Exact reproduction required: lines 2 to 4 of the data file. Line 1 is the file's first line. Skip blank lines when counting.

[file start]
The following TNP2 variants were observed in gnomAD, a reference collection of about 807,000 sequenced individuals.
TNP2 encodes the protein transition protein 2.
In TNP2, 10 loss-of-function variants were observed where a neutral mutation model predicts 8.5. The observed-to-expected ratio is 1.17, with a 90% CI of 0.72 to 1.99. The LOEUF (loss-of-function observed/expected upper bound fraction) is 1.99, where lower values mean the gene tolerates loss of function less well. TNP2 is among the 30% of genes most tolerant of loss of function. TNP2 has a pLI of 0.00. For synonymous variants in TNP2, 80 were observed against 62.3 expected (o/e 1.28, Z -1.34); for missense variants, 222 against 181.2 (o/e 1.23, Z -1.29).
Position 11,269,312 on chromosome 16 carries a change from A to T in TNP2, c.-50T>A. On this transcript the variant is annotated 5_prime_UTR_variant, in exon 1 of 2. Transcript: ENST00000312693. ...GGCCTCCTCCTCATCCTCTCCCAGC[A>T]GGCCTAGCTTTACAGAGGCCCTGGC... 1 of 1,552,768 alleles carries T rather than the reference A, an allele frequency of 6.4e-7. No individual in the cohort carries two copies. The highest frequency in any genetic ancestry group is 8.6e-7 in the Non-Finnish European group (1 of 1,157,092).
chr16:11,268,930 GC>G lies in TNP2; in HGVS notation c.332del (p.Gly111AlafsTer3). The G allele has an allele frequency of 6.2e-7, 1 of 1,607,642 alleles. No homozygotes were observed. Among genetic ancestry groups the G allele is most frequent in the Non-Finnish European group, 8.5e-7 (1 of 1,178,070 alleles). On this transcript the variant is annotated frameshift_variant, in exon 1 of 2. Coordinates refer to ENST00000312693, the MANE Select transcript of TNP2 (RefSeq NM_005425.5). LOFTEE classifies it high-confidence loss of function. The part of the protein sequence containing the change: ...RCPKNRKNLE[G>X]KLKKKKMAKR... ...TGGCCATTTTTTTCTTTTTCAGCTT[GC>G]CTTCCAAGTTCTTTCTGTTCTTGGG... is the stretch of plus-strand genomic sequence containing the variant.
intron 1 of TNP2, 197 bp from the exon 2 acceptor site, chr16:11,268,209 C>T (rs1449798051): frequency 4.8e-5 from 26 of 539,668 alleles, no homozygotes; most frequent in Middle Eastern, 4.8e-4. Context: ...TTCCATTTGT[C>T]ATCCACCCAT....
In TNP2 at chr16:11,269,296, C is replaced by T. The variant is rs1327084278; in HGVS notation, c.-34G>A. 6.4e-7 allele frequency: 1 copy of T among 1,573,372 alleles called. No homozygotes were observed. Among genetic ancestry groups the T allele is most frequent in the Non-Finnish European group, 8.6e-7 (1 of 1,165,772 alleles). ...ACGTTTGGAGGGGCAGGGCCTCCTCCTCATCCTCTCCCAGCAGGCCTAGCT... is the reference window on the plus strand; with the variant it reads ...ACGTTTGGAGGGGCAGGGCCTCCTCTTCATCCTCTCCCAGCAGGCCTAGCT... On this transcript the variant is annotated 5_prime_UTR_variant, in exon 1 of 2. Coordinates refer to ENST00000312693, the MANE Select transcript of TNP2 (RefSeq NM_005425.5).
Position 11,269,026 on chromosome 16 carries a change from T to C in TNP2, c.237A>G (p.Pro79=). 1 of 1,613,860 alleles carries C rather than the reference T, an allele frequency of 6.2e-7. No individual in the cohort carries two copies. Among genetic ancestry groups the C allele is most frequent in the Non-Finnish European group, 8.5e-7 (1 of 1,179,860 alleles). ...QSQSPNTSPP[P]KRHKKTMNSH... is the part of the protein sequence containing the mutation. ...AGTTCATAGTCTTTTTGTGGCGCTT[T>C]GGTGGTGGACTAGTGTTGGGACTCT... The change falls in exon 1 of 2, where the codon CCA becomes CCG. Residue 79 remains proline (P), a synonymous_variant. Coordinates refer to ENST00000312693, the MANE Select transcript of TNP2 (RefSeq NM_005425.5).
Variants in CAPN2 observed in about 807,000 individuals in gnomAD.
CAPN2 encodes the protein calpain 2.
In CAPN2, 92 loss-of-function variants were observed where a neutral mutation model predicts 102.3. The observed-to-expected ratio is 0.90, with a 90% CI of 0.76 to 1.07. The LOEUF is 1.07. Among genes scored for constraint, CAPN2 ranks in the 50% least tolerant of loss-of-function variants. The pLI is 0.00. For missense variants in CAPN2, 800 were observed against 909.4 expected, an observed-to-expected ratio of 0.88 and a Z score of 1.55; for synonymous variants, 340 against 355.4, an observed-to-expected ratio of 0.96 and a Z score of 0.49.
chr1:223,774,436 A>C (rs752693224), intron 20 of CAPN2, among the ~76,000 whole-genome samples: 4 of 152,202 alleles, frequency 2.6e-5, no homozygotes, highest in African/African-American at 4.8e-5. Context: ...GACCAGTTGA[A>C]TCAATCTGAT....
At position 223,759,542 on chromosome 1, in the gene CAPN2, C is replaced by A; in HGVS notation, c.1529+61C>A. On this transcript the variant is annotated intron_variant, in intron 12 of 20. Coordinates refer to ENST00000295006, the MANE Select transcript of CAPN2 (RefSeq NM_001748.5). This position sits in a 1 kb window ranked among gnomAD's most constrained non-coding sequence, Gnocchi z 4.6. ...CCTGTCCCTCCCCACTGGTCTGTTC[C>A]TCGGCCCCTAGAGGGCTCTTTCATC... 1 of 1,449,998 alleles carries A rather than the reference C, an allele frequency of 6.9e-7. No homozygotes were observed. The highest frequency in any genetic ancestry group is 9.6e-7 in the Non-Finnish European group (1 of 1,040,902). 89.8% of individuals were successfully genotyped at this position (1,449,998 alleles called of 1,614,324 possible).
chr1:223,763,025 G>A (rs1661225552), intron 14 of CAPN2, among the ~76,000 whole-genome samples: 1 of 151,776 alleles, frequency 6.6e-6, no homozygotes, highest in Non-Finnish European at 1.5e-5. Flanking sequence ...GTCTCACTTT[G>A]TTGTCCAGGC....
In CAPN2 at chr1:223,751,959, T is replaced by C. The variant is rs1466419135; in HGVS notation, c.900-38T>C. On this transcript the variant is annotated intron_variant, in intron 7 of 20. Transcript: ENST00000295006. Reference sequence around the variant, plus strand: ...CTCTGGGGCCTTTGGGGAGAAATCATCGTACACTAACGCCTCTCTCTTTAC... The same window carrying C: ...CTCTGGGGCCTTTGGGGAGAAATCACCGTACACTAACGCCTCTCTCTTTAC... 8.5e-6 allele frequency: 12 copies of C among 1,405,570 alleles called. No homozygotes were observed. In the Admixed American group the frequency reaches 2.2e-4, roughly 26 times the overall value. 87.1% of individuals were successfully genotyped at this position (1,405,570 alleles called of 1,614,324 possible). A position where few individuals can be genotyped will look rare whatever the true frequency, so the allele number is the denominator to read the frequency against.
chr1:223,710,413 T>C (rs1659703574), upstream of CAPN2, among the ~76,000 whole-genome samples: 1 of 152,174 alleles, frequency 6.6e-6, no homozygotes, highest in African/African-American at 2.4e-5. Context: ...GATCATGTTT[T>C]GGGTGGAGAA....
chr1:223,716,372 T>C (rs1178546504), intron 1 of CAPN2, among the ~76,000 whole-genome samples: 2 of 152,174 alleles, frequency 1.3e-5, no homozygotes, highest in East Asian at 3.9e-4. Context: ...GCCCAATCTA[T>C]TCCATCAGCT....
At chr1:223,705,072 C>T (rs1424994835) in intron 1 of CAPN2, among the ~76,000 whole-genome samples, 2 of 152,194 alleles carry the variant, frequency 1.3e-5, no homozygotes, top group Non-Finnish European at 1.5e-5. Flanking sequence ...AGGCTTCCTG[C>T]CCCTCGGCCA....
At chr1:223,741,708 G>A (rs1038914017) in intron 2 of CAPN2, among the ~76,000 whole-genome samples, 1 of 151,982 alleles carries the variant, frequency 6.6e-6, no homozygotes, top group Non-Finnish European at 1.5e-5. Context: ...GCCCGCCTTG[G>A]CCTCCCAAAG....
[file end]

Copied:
TNP2 encodes the protein transition protein 2.
In TNP2, 10 loss-of-function variants were observed where a neutral mutation model predicts 8.5. The observed-to-expected ratio is 1.17, with a 90% CI of 0.72 to 1.99. The LOEUF (loss-of-function observed/expected upper bound fraction) is 1.99, where lower values mean the gene tolerates loss of function less well. TNP2 is among the 30% of genes most tolerant of loss of function. TNP2 has a pLI of 0.00. For synonymous variants in TNP2, 80 were observed against 62.3 expected (o/e 1.28, Z -1.34); for missense variants, 222 against 181.2 (o/e 1.23, Z -1.29).
Position 11,269,312 on chromosome 16 carries a change from A to T in TNP2, c.-50T>A. On this transcript the variant is annotated 5_prime_UTR_variant, in exon 1 of 2. Transcript: ENST00000312693. ...GGCCTCCTCCTCATCCTCTCCCAGC[A>T]GGCCTAGCTTTACAGAGGCCCTGGC... 1 of 1,552,768 alleles carries T rather than the reference A, an allele frequency of 6.4e-7. No individual in the cohort carries two copies. The highest frequency in any genetic ancestry group is 8.6e-7 in the Non-Finnish European group (1 of 1,157,092).